(2) if she will bring forward proposals to reduce the number of care home residents who are affected by third-party top-up fees; and if she will make a statement.
This information is not collected centrally in the form requested. However, the Office of Fair Trading (OFT) conducted a United Kingdom wide survey of ‘Care Homes For Their Care Homes For Older People in the UK’ report, published in May 2005. The OFT found that the average care home in the UK had 32 places of which 29 were occupied. Of these, seven, around 24 per cent. were paid for by a combination of the local authority and a third-party top-up. The UK average third-party top-up was £65.33p a week.
The detail of contracting arrangements between local councils and care homes is a matter for local decision. The Government do not set or recommend rates at which councils contract with care homes. We think it is important that councils are able to tailor contracts to specific local circumstances. However, the Government have made available record levels of funding for social care. Since 1997, Government grants for local services, including social care, have increased by £28.4 billion or 39 per cent. in real terms.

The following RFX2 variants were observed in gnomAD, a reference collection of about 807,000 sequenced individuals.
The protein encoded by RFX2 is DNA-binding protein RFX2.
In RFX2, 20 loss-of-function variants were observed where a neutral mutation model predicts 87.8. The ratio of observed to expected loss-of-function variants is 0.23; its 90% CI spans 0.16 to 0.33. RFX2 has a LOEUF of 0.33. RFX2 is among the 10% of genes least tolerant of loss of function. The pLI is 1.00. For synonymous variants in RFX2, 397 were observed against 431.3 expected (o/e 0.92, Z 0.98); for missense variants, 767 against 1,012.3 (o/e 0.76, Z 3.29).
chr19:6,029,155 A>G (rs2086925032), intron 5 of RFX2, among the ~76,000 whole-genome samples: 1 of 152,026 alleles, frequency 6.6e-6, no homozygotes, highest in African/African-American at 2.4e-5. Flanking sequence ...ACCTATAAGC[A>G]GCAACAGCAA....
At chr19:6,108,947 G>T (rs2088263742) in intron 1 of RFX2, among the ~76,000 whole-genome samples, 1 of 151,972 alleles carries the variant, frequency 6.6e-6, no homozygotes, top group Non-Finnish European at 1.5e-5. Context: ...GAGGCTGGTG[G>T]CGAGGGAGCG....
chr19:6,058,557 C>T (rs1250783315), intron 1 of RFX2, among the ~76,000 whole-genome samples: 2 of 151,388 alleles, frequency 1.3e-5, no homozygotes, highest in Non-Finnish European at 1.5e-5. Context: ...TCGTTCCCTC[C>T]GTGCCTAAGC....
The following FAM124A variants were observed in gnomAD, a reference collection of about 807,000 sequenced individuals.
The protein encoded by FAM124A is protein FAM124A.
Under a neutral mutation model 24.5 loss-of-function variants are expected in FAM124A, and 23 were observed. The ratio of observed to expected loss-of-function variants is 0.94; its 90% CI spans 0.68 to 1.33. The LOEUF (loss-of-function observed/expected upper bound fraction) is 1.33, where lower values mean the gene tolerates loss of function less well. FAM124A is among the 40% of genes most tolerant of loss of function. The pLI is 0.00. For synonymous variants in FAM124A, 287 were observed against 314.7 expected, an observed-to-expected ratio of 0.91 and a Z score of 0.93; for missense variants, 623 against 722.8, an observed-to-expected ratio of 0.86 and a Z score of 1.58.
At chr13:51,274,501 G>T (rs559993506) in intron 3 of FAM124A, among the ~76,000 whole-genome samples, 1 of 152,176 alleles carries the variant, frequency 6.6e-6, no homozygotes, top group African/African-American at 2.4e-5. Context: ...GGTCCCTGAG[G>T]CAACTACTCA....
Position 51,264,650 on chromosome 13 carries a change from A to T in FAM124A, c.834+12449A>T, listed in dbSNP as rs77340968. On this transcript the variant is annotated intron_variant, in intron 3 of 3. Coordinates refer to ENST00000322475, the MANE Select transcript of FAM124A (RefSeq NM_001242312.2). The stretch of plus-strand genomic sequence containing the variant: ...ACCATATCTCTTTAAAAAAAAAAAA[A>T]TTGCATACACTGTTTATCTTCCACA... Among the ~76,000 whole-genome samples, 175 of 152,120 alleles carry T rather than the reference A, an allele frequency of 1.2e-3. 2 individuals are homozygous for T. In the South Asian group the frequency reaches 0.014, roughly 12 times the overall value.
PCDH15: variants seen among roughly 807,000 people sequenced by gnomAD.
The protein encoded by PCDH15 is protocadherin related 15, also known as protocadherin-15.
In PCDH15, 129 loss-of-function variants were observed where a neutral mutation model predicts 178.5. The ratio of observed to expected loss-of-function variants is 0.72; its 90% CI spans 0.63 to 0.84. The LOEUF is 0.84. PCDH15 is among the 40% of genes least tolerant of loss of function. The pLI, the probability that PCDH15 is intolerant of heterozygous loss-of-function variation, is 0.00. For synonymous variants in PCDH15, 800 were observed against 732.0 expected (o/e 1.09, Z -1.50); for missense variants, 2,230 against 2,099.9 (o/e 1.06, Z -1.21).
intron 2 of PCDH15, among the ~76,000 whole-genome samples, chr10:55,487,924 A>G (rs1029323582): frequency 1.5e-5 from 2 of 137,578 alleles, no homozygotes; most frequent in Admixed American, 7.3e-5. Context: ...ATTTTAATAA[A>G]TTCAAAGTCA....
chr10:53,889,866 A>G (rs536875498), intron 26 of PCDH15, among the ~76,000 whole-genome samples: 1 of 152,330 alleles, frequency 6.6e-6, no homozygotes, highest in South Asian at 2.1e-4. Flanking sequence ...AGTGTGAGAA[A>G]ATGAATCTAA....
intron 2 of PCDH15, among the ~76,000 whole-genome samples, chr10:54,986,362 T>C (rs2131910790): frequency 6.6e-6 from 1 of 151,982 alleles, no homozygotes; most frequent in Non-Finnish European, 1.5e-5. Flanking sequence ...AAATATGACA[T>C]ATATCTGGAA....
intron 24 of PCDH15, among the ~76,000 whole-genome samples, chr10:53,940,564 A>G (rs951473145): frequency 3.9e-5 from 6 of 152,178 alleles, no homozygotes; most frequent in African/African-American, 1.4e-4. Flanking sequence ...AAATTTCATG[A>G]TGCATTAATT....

This substantial funding is making a real difference. Although, in their annual ‘Care of the Elderly: UK Market Survey 2006’ report, independent market analysts Laing and Buisson reported that around half of local authorities increased the fees they pay to care homes by less than 3.5 per cent. This follows a three year period, 2002-03 to 2004-05 during which Laing and Buisson reported that payments increased at an unprecedented rate. This is clear evidence that local authorities have been using the additional resources provided by central Government to increase payments to care homes and rebalance the care home market.